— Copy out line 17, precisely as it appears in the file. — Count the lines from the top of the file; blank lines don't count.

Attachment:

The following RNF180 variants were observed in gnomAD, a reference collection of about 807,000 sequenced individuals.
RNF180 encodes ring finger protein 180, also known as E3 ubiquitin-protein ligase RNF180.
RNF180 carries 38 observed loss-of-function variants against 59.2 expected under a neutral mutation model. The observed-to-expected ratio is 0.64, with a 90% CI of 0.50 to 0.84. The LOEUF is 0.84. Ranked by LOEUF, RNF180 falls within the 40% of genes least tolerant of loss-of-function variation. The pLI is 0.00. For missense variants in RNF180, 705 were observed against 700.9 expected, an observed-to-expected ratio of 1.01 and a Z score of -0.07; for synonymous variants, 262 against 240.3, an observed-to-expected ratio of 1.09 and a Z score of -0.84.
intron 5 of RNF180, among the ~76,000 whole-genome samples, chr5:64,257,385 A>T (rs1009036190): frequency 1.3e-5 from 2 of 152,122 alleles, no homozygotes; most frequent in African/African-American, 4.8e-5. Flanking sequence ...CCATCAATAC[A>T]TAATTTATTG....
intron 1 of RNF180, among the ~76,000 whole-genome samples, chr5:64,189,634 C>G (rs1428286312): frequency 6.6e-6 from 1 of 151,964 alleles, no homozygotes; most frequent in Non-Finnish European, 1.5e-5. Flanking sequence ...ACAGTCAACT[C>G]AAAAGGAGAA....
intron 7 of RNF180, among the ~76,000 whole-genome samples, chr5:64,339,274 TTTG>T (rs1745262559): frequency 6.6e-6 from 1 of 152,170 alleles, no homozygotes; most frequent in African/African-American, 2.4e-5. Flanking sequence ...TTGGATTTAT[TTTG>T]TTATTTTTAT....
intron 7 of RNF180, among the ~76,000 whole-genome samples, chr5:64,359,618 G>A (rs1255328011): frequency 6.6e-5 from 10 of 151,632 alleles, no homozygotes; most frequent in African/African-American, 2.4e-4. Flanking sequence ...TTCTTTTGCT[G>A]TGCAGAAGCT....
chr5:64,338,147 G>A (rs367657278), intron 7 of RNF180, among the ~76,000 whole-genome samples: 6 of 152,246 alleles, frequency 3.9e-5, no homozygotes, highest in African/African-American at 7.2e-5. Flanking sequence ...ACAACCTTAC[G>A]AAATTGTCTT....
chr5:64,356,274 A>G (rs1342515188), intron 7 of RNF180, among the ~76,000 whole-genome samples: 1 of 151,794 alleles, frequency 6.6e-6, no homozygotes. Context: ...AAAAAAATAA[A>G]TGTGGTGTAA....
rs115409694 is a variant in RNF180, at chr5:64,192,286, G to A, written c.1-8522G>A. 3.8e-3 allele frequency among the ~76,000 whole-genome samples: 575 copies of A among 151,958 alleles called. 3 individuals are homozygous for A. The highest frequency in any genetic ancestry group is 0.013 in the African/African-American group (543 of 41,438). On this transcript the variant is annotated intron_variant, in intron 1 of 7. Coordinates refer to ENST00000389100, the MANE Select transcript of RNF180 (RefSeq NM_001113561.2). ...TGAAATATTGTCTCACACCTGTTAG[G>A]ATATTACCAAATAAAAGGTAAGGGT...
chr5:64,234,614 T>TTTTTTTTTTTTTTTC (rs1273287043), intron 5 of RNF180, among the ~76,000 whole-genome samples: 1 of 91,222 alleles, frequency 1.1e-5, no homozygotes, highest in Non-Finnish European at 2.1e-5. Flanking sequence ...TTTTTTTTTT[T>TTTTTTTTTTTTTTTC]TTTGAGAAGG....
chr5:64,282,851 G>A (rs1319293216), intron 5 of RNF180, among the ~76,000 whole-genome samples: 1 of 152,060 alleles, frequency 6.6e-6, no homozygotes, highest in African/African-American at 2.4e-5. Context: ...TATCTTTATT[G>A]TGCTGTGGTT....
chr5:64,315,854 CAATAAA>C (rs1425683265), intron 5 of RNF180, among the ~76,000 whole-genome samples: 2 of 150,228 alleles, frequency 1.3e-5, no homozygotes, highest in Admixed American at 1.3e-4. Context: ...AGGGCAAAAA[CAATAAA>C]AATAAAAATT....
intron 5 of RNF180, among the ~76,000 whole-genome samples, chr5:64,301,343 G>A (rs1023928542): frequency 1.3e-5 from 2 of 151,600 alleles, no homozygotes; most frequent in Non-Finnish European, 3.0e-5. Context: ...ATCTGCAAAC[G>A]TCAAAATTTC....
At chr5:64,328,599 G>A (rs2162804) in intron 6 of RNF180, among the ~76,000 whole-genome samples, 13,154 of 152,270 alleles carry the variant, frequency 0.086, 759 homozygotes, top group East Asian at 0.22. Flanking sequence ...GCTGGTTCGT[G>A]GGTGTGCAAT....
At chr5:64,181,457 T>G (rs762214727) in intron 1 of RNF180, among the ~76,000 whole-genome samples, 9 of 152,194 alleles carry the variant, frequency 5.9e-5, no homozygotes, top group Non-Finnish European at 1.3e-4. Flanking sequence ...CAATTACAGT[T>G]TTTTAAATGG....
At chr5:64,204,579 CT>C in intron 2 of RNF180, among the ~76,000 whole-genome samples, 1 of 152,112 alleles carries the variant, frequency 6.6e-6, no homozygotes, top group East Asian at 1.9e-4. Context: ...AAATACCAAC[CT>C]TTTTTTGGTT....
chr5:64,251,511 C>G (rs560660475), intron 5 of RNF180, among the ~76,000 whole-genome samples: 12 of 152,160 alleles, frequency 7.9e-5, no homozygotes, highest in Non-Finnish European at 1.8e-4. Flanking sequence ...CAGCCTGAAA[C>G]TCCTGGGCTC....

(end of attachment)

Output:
At chr5:64,204,579 CT>C in intron 2 of RNF180, among the ~76,000 whole-genome samples, 1 of 152,112 alleles carries the variant, frequency 6.6e-6, no homozygotes, top group East Asian at 1.9e-4. Context: ...AAATACCAAC[CT>C]TTTTTTGGTT....